Encouragement vs Honesty - Page 18


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Thread: Encouragement vs Honesty

  1. #171
    Quote Originally Posted by amsawtell View Post
    Copy editors, beta-readers, workshop groups--if you go through the writing process your SPaG will be found for you. Of course, before submission your manuscript should be as clean as possible.

    I was talking in the scope of this website or critique group. I always forget that a pendant will come and tear everything that is said apart.
    Accuracy is not pedantry. No one was looking to "tear everything apart". I can only react to what you wrote, not what you intended. The fact is, many, many inexperienced writers believe just what you implied; that clean copy isn't as important as stunning ideas and that's just not the case. I work in a manufacturing plant where we make products by the thousands every day. One of the functions here is that of a Quality Assurance technician. Those QA techs are much like copy editors, they exist to help catch defects which slip through the manufacturing process. It's a job that shouldn't be needed, but it is currently. We try to react to those defects by examining them to find their roots causes and then eliminate the source of the defects, thereby permanently eliminating the problem. Sometimes the defects are not process, or design related, but workmanship related; defects caused by people not skilled enough, or not caring enough, to do the job properly. That's like basic SPaG issues in writing. If those folks don't improve the quality of their work, they put their jobs at risk. Just as writers do.
    “Fools” said I, “You do not know
    Silence like a cancer grows
    Hear my words that I might teach you
    Take my arms that I might reach you”
    But my words like silent raindrops fell
    And echoed in the wells of silence : Simon & Garfunkel


    Those who enjoy stirring the chamber-pot should be required to lick the spoon.

    Our job as writers is to make readers dream, to infiltrate their minds with our words and create a new reality; a reality not theirs, and not ours, but a new, unique combination of both.

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  2. #172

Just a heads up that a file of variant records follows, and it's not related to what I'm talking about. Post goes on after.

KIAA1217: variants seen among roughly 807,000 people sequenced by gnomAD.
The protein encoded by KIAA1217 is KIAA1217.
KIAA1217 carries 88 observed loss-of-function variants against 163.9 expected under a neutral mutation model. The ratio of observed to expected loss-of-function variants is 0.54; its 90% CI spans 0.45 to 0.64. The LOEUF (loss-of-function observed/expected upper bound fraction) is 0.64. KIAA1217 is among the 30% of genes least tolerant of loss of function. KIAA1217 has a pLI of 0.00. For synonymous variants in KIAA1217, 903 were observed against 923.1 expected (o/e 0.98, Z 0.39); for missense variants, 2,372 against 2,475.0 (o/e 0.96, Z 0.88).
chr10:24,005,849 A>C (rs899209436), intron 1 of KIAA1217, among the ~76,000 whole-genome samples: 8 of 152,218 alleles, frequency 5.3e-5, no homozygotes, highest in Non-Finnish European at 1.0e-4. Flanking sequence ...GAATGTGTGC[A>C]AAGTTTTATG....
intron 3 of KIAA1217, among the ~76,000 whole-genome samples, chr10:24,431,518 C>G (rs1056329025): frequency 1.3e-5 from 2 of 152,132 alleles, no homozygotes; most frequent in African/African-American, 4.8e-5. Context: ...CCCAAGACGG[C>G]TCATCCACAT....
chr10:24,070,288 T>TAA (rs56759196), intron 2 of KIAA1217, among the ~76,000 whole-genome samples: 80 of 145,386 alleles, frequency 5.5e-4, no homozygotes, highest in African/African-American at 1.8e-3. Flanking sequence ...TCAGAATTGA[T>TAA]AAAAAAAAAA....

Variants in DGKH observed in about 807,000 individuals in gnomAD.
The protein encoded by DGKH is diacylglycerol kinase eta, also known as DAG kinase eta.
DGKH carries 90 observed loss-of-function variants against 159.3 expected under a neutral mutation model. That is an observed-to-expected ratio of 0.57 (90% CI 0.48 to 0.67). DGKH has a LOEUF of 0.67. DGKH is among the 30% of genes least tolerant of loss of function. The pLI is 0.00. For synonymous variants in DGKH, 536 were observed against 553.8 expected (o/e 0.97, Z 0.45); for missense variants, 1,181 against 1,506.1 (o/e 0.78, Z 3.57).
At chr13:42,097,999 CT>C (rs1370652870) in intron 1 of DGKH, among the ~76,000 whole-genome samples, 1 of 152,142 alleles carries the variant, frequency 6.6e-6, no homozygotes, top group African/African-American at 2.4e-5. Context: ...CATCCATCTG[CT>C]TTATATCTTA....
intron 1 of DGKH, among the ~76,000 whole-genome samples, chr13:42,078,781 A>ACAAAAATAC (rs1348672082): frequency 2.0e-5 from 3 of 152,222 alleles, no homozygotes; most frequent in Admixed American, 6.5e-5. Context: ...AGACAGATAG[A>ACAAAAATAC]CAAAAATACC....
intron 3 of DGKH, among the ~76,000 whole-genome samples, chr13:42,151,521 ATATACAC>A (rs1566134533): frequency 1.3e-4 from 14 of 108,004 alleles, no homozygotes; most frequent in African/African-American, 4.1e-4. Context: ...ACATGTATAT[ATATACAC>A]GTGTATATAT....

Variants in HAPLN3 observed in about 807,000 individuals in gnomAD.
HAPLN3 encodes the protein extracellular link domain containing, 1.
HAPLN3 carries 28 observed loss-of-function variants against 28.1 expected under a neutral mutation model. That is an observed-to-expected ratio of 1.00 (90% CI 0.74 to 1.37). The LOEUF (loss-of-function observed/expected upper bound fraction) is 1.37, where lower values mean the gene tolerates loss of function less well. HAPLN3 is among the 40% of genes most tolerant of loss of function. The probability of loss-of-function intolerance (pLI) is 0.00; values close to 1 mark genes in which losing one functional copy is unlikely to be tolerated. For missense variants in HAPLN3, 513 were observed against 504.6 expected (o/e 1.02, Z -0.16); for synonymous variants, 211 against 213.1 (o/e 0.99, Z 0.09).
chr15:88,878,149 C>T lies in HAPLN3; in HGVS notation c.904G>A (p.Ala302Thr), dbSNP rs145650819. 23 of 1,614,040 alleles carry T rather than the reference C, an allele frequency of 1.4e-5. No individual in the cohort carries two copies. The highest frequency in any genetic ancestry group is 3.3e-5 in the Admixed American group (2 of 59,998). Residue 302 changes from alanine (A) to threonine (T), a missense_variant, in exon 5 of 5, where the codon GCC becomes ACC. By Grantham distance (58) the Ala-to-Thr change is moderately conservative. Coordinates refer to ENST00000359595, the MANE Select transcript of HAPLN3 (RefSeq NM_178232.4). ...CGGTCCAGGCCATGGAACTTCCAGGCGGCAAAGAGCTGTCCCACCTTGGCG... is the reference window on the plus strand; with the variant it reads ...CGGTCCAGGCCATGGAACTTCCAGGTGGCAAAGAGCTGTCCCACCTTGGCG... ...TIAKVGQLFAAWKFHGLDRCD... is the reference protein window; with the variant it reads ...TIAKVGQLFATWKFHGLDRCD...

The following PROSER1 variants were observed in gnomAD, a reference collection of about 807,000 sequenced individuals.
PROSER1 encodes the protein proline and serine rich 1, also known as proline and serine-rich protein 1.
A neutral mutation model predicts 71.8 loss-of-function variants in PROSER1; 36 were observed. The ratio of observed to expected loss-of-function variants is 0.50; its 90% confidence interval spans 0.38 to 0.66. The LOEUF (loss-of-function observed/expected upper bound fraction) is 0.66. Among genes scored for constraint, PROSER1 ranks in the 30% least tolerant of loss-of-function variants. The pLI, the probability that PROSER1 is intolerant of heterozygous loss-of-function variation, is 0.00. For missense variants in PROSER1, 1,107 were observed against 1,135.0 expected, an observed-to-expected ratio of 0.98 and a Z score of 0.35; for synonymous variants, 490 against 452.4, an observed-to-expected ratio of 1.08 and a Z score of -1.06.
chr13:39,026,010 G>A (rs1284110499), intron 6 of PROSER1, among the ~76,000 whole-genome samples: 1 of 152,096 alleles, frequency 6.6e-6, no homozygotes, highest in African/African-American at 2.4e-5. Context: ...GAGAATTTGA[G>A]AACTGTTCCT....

Quote Originally Posted by T.S.Bowman View Post
    So, while I completely understand that honesty is normally the best way to go, I also understand that sometimes, just sometimes, being honest could quite possibly be a final step in someone giving up on his/her dream of writing.
    I've come back from that abyss a couple of times and you're right, it ain't easy. The latest time was last summer when I asked a 'friend' for feedback and, after not hearing from him for a couple of months, asked if he'd a chance to read my novel yet. His reply amounted to, "It's pretty juvenile and since my son grew up, I don't read that kind of thing any longer. But if you want, I'll keep reading." (He'd only gotta through a couple of chapters.)

    Needless to say, I was devastated and it took another couple of months before I could pull myself together enough to figure out what to do about it. Had it not been for my wife encouraging me, I might never have gotten back to it. But I did and over the next two drafts, I managed to bring my story and myself back from the edge.

    I hope you can do the same.

  3. #173
    Member LOLeah's Avatar
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    I've never read something for the purpose of critiquing it and come away with absolutely nothing good to say. Every writer has strengths and weaknesses. Sometimes the weaknesses are so glaring that their strengths as a writer are even more difficult to recognize, but I've always been able to find them, and compliment them. I have no problem delivering hard truths but I can do that and be encouraging. And be honest all the while.
    "We all die. The goal is not to live forever, the goal is to create something that will." ~Chuck Palahniuk

  4. #174
    Honesty humbly submitted is the best kind of critique. Much that constitutes critique enters the realm of subjectivity, and so opinions should only be presented, with their supporting reasoning, as such and not as fact. It's possible to dislike something that's actually good work, and its antithesis is also true. You're a vain human being with vain opinions.

    And writers need to understand that about critique, too. If your primary interest is to improve your writing, you should listen to what others have to say, but never make it your foundation.


  5. #175
    Quote Originally Posted by Terry D View Post
    I can only react to what you wrote, not what you intended.
    That's a point that far too many hopeful writers miss. As David Sedaris observed: “The returning student had recently come through a difficult divorce, and because her pain was significant, she wrongly insisted her writing was significant as well.”

  6. #176
    WF Veteran SilverMoon's Avatar
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    It's all really a fine line. Words have to be measured not only carefully but aptly to the writer at hand.

    Here's a very informative, comprehensive outline concerning critique. Really think first segments are worthy of a putting a sticky thread into play. Am working on it.

    http://www.au.af.mil/au/awc/awcgate/...uing-kline.htm
    Last edited by SilverMoon; September 7th, 2016 at 05:13 AM.
    “The man who cannot visualize a horse galloping on a tomato is an idiot.”
    Andre Breton

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